Number 9 Broad Street continued to make history in the 20th century when it became the real estate office of Susan (“Miss Sue”) Pringle Frost, the second woman in the state to have a real estate license and the first woman in Charleston’s history to have her own real estate office.
Daughter of Dr. Francis LeJau Frost and Rebecca Brewton Pringle, she was descended from rice planters whose plantations dotted the Santee River. She was born in the Miles Brewton House on lower King Street and had a privileged childhood. When her father’s fertilizer business failed and rice plantations declined, she learned stenography and worked for architect Bradford Lee Gilbert, designer of the 1901 South Carolina Inter-State and West Indian Exposition.
Forced to fend for herself in a patriarchal society, she became active in the women’s suffrage movement and the advancing Equal Rights Amendment. Her passion, however, was saving Charleston’s historic homes from demolition or defacing by out-of-state buyers.
When she learned that Standard Oil planned to raze Joseph Manigault’s mansion on Meeting Street, she gathered 32 ladies and several gentlemen to 20 South Battery, the home of her cousin, Nell McColl Pringle. On the afternoon of April 21, 1920, the Society for the Preservation of Old Dwellings (now the Preservation Society) was born. Miss Sue also collaborated with Mayor Thomas P. Stoney and architect Albert Simons in establishing the Old and Historic District and the Board of Architectural Review.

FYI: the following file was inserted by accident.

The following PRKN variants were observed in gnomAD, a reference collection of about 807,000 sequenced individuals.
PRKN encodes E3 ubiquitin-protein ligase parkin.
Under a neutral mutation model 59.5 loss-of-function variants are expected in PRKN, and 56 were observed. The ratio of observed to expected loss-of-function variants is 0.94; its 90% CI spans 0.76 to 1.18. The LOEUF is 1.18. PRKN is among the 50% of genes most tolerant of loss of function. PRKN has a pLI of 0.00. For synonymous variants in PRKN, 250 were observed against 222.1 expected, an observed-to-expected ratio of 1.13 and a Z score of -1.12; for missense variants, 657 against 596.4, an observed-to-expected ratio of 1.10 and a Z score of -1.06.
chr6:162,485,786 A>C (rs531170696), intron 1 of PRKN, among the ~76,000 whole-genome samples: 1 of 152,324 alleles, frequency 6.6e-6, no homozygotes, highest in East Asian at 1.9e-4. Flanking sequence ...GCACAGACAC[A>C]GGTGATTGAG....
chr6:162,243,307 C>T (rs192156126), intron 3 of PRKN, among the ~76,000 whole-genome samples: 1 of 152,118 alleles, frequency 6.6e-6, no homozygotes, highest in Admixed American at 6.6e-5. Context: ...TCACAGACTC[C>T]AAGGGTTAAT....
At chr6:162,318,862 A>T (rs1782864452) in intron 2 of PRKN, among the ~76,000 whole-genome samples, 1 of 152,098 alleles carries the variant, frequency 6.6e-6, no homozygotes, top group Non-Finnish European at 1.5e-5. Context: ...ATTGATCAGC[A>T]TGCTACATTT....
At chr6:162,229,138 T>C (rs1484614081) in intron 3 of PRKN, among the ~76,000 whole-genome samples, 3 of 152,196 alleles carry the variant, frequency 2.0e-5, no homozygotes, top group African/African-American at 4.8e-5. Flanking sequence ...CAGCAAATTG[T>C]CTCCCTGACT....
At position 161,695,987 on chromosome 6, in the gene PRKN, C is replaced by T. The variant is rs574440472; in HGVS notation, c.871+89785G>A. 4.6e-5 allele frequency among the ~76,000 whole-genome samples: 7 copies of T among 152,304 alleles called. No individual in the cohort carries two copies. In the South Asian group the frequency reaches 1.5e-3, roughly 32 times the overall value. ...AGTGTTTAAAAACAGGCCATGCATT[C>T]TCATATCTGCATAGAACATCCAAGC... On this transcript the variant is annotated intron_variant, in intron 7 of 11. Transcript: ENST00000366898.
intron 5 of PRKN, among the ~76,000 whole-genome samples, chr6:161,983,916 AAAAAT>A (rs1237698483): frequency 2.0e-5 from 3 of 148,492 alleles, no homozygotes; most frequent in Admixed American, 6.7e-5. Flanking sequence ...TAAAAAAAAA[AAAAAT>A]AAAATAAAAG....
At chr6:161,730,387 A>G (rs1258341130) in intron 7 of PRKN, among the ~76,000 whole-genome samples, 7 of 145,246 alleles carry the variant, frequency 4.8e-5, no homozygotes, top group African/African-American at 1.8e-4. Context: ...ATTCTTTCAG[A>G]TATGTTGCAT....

In the latter part of the 20th century realtors Lois Lane and Ruthie Smythe restored 9 Broad St. to its original architectural design and continue to use the building commercially. Signage about Miss Sue Frost’s occupancy is posted near the front entrance.
E. B. White designed 11 Broad St. for bookseller Samuel Courtenay. The brownstone façade was again the work of W. G. Chave of New York. A parapet displayed a carved globe, book and scroll to advertise the owner’s occupation.
Local tradition states that William Gilmore Simms, Charleston’s famed poet, novelist and editor, wrote portions of his novels in the bookstore. It is said the he would request a pencil and paper and stand at a counter writing the latest installment of works that ran serially in the Southern Literary Gazette.
In 1912, E. H. Robertson Cigar Company occupied 11 Broad St. In 1941, the street -level commercial area and façade were remodeled and operated as Robertson’s Cafeteria, which quickly became a meeting place for Charleston’s political and business leaders. In 1985, the façade’s doorways and arches were restored in cast brownstone.
My appreciation to Robert Stockton, Malcolm Hale and Preston Wilson for contributing to this article. Please contact email@example.com if you have any anecdotes about Broad Street’s rich history.